Medical technology procurement must focus on quality if it is to deliver value
Tenders for medical devices across Europe are increasingly focused on price only. This is one of the key findings of a recent analysis “Tendering Medical Devices in Europe – Strategy & Implications for Pricing” that we conducted on tenders from 2016 to 2019 to understand where the procurement environment is moving to.
In other words, quality criteria are included less and less in tenders, despite the proposed MEAT criterion (Most Economically Advantageous Tender) from the EU Public Procurement Directive 2014/24. We should really expect to see the opposite trending taking hold, where quality criteria were becoming increasingly important.
One may think that this was only happening in a handful of countries. But, in fact, it’s a trend we have observed in almost all countries of the European Economic Area. The number of tenders including quality criteria is decreasing at a high pace – falling from more than 90% to less than 80% in just three years
Essentially, a more price-only tender environment leaves only two choices for manufacturers to remain in the game. The first alternative is to try to fight back against the trend and to include more quality criteria. The second option is to cope with the situation and to focus on reducing costs. While both strategies would require significant investments from manufacturers, the outcome will be different.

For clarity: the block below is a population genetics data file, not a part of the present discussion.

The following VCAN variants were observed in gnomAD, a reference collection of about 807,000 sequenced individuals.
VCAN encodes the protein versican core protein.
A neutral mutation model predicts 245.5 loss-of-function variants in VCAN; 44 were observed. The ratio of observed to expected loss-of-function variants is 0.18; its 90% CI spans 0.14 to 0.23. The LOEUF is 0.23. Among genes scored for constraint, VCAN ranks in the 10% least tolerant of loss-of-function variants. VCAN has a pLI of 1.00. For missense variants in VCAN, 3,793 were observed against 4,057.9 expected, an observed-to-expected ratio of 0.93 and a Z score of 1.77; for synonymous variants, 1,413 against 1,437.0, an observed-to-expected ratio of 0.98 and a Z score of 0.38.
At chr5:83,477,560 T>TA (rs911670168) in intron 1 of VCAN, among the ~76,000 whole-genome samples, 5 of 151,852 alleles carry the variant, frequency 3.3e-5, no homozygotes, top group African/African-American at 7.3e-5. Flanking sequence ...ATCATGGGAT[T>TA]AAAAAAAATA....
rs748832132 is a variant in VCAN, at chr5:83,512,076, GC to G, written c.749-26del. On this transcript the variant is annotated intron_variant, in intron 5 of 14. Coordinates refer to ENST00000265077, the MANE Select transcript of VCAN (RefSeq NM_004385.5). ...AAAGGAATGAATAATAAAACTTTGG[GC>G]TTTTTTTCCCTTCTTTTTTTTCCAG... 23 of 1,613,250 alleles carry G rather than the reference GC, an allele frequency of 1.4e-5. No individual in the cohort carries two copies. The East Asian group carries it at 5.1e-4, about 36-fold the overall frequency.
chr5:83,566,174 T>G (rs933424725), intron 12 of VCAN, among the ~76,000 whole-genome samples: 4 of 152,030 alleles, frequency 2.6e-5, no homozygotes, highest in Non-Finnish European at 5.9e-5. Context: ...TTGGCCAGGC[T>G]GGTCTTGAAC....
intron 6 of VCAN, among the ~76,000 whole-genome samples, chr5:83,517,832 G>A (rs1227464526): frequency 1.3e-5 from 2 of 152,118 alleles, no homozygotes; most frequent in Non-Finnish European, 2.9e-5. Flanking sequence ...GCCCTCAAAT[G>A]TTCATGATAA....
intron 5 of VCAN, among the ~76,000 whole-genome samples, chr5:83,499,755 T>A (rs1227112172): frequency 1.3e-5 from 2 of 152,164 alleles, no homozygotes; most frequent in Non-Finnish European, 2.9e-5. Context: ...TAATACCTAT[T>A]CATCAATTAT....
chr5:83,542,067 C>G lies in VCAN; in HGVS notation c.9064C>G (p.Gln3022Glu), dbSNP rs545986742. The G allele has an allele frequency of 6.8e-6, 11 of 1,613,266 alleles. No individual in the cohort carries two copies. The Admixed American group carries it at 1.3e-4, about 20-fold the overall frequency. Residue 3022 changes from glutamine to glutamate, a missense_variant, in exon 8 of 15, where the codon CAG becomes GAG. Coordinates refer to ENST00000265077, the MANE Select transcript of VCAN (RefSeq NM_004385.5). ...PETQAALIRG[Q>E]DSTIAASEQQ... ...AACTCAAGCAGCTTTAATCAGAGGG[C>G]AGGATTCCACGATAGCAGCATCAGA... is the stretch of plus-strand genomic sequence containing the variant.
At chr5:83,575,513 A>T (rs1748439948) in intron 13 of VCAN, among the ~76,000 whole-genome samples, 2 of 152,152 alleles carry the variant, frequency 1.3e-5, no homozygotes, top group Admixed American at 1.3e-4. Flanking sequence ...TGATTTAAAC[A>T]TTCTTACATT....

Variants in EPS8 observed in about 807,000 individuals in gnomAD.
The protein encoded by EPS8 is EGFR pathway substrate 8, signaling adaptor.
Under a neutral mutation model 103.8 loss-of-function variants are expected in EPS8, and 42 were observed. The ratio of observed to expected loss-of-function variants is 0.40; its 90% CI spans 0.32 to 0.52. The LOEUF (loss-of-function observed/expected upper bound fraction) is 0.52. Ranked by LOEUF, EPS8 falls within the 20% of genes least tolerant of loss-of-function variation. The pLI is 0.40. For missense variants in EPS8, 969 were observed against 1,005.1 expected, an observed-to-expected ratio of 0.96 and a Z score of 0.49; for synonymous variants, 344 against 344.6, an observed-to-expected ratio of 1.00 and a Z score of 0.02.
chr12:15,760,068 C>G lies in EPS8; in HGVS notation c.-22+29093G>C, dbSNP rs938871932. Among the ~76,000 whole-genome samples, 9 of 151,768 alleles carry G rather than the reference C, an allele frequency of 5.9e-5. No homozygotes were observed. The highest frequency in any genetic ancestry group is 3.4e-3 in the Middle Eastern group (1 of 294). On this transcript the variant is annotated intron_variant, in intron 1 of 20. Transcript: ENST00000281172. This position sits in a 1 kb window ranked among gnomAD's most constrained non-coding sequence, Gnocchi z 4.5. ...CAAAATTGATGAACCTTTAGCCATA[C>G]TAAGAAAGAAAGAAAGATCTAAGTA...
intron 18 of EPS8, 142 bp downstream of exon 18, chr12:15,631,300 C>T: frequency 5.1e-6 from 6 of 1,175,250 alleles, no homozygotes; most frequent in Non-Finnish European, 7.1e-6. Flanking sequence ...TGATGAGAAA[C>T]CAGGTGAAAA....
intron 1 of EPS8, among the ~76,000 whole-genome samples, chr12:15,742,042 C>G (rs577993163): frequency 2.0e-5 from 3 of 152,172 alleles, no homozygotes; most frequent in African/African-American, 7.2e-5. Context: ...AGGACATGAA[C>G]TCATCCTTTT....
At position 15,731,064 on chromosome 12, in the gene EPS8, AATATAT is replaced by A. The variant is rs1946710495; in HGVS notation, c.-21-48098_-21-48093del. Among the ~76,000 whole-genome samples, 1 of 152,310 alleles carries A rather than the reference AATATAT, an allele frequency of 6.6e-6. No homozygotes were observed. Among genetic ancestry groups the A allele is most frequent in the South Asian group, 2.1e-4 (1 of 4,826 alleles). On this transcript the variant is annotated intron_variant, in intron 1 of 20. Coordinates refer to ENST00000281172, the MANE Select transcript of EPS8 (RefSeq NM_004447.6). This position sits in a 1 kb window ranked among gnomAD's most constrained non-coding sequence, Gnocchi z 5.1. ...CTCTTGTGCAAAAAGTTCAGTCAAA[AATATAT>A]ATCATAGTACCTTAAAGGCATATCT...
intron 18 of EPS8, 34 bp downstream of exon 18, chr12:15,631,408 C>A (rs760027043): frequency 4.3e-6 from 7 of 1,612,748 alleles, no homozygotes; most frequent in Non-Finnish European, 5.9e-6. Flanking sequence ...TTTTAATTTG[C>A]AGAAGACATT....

A shift to MEAT tenders will require more time as the criteria cannot be changed overnight. Tender authorities are composed of multiple members, and the introduction of MEAT tenders require careful understanding and cooperation. In this scenario, it would take even more time to achieve a change in the specifications, while this shift is in the benefit of all stakeholders.
On the other hand, price reductions could impact the availability of life-saving innovation to patients since manufacturers usually reinvest revenues in enhanced treatments and solutions. Therefore, reducing resources dedicated to innovation could remove those incremental innovations and commoditize the market very quickly. Furthermore, in the longer term, we believe this could create problems for the healthcare system as it would become more and more difficult to compete if innovation is not rewarded.
Regardless of the strategy chosen by individual manufacturers, there is a strong connection between manufacturing standards and costs.While being part of the solution, adding manufacturing standards into tender specifications would only limit the change in standards to a certain extent.
Our concern is that manufacturers may not be able to invest in or bear more of the risk for developing new treatment solutions, if innovation will not be rewarded appropriately anymore. Therefore, it would be great to see the European healthcare systems actually leveraging the MEAT criterion established by the EU PPD in future to ensure a continuous high-quality standard of products as well as fostering the access to new innovation for patients and society even more than today.